If you think of the alternatives for sellers of unique items, like Not On The High Street, or having a bespoke website designed and made, none can offer such a quick way to get selling quite like Etsy can. Not On The High Street takes a while to review your application to sell on their platform, while web design takes multiple weeks.

4. Secure

In a society that is (rightfully) becoming increasingly aware of its online safety, it's essential to make sure your customers feel comfortable shopping from you. Etsy is a secure platforms and offers checkout via PayPal - a payment gateway online customers are probably most familiar with.

Etsy also includes SSL encryption as standard for all of their sellers, which means that your online shop will automatically be secure. SSL stands for Secure Socket Layer and always encrypts customer data that is sent over the internet - such as name, address, and bank details - so you know that there won't be any issues with data breaches. It is a requirement of the Payment Card Industry's compliance code to have an SSL certificate, and they can sometimes be troublesome to obtain, so Etsy's inclusion of this is a big plus for their platform.  This all helps to convert your visitors into purchasers. 

5. Offer discount codes and shipping

Image from Etsy.com

One of the best ways to keep customers visiting your online shop time after time is to offer a loyalty incentive. A great thing about Etsy is that it makes it very easy for you to implement various discount codes and shared shipping costs for the same customers. It's an excellent marketing tool that you can use to potentially drive customers back to your shop and gain more repeat orders.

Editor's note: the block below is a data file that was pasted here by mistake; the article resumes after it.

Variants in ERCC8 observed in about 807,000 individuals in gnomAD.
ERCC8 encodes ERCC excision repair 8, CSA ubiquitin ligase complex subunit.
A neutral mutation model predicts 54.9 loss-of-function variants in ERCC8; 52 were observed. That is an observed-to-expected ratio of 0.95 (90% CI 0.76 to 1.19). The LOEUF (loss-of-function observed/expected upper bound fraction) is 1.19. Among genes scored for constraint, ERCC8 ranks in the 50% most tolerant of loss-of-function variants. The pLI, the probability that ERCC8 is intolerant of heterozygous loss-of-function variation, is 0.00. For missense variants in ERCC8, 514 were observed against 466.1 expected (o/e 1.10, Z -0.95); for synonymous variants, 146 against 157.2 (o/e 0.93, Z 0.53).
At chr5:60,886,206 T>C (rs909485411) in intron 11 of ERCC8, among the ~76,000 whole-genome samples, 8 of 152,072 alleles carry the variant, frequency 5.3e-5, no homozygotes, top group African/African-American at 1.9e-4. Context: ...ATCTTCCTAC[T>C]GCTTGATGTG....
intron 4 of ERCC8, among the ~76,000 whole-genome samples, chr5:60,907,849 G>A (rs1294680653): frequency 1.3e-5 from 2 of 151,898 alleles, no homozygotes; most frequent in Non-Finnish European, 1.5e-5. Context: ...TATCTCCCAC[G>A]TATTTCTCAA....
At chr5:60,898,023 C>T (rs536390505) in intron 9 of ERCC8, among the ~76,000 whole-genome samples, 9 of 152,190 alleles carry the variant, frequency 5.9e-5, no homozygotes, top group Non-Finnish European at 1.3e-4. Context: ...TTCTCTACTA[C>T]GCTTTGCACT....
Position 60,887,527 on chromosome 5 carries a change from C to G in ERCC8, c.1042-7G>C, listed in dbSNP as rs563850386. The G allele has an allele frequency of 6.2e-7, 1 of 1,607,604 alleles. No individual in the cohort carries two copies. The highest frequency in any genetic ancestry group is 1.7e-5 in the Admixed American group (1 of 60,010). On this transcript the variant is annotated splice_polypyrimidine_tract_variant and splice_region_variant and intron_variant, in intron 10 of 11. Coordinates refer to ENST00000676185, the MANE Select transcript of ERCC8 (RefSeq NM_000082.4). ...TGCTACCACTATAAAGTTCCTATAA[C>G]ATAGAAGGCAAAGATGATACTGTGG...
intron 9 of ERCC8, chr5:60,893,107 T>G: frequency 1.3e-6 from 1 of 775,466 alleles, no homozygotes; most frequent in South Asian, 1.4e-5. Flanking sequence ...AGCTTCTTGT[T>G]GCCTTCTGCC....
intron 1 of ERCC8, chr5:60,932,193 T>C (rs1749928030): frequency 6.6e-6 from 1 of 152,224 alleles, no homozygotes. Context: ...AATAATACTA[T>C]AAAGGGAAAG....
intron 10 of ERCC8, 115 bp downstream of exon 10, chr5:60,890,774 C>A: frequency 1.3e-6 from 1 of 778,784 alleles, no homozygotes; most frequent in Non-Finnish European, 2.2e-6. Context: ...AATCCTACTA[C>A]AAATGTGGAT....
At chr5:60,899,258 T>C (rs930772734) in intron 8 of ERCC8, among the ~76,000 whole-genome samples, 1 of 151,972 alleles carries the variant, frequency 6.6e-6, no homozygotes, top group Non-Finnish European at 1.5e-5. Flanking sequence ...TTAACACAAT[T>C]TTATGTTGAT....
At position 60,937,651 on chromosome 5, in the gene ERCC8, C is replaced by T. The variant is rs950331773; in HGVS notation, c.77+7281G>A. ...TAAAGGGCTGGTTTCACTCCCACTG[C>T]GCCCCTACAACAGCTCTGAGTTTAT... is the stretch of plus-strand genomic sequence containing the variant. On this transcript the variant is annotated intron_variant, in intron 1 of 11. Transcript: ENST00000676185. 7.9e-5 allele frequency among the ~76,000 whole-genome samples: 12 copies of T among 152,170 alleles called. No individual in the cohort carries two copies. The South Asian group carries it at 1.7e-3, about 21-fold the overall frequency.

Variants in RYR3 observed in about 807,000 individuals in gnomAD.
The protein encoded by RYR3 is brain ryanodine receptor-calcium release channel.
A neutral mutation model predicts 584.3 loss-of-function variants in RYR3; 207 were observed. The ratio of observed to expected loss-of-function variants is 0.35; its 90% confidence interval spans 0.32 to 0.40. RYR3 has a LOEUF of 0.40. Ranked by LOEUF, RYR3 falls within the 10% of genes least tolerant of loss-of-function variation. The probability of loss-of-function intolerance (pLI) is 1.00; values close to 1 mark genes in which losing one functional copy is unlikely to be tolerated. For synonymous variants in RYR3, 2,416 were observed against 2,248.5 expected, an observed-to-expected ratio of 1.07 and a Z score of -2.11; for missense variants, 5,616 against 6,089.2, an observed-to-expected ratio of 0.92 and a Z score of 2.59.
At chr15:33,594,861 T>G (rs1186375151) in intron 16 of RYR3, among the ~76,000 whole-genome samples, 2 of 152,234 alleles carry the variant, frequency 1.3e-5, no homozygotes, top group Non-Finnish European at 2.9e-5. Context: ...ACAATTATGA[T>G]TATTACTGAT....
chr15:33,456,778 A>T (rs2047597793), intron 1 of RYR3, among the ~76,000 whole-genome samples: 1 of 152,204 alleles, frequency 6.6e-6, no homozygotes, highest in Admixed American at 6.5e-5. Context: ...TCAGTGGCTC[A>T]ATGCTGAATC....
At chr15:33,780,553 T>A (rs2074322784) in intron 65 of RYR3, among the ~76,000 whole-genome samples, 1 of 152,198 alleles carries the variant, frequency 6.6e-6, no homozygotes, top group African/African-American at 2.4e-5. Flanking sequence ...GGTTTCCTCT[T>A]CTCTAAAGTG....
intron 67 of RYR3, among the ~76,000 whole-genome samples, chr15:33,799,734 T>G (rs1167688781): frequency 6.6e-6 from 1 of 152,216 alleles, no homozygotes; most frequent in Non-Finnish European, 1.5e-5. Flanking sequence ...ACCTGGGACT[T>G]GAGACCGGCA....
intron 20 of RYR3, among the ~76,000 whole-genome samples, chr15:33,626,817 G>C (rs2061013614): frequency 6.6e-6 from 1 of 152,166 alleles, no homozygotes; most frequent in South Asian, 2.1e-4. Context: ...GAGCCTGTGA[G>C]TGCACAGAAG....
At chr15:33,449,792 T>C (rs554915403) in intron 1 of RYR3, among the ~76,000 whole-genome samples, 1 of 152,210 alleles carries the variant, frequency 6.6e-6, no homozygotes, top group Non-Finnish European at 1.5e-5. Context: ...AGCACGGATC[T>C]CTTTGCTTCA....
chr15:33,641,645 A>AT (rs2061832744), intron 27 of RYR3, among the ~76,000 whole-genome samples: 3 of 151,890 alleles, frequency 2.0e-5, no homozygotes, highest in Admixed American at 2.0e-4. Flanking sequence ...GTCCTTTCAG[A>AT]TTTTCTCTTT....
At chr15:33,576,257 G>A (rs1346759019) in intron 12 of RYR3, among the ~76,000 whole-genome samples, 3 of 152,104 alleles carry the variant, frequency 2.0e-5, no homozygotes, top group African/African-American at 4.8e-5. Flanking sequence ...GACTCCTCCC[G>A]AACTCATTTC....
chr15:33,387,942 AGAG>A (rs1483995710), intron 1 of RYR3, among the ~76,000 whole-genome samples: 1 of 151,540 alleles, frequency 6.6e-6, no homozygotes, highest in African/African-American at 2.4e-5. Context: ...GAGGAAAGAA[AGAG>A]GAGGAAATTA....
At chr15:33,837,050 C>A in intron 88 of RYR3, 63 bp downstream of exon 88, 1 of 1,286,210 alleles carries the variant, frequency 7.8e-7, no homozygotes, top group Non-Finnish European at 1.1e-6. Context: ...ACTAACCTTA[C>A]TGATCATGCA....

1. Expansion has reduced its support service

Screenshot from Etsy's forum

While Etsy used to offer live chat to all of their sellers, the fast-expanding nature of the platform meant that they put a stop to this service in 2011, after not being able to cope with the demands of their sellers. A lot of people on Etsy's forum have expressed a lot of anger and upset over this, claiming that the live chat feature was their lifeline when they first started their online shop and now their problems aren't dealt with as efficiently as they once were. You can see this in the screenshot above. It seems that Etsy was not prepared for its increase in users and has thus had to dilute its existing resources to make them stretch.

2. Overpopulation